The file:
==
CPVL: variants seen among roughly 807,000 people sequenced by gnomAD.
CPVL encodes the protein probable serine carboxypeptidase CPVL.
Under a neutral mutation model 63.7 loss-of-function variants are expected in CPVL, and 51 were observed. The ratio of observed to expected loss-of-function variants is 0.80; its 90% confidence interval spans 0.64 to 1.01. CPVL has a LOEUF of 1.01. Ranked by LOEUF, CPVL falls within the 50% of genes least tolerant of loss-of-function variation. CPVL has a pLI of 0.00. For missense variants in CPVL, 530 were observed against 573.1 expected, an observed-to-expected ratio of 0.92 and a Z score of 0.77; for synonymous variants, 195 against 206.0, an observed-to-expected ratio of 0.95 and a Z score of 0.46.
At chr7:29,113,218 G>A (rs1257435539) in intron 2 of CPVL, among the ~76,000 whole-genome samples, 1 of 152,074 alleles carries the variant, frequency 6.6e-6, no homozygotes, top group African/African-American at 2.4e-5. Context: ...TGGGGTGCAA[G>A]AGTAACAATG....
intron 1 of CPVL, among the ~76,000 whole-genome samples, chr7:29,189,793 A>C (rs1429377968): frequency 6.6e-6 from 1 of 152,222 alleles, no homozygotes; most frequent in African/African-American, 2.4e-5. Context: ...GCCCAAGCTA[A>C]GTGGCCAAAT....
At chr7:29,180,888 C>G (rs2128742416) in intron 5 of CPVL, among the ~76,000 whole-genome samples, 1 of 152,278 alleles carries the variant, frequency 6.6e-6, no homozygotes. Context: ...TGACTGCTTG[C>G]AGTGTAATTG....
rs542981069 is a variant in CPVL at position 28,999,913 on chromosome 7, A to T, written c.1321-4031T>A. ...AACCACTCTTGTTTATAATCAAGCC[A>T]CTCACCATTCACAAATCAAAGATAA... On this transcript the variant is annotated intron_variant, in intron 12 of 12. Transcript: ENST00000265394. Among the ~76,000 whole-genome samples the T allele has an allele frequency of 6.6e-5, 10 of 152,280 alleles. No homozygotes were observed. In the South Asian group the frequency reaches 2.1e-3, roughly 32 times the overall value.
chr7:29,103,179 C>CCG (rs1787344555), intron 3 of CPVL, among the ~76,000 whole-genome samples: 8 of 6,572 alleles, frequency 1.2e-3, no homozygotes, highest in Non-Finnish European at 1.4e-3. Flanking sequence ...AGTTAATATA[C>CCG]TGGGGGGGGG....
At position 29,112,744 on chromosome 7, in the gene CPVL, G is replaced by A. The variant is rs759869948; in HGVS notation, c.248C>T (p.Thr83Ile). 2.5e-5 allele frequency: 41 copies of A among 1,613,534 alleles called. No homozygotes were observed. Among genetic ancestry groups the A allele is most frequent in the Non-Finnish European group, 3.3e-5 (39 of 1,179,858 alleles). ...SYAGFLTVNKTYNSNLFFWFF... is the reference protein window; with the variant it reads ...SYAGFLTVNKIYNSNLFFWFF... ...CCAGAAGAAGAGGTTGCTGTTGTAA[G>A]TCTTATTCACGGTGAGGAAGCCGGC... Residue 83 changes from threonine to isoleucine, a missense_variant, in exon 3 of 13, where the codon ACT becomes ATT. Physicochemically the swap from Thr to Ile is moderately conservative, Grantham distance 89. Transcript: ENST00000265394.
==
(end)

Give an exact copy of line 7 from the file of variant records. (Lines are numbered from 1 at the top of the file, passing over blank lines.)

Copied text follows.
rs542981069 is a variant in CPVL at position 28,999,913 on chromosome 7, A to T, written c.1321-4031T>A. ...AACCACTCTTGTTTATAATCAAGCC[A>T]CTCACCATTCACAAATCAAAGATAA... On this transcript the variant is annotated intron_variant, in intron 12 of 12. Transcript: ENST00000265394. Among the ~76,000 whole-genome samples the T allele has an allele frequency of 6.6e-5, 10 of 152,280 alleles. No homozygotes were observed. In the South Asian group the frequency reaches 2.1e-3, roughly 32 times the overall value.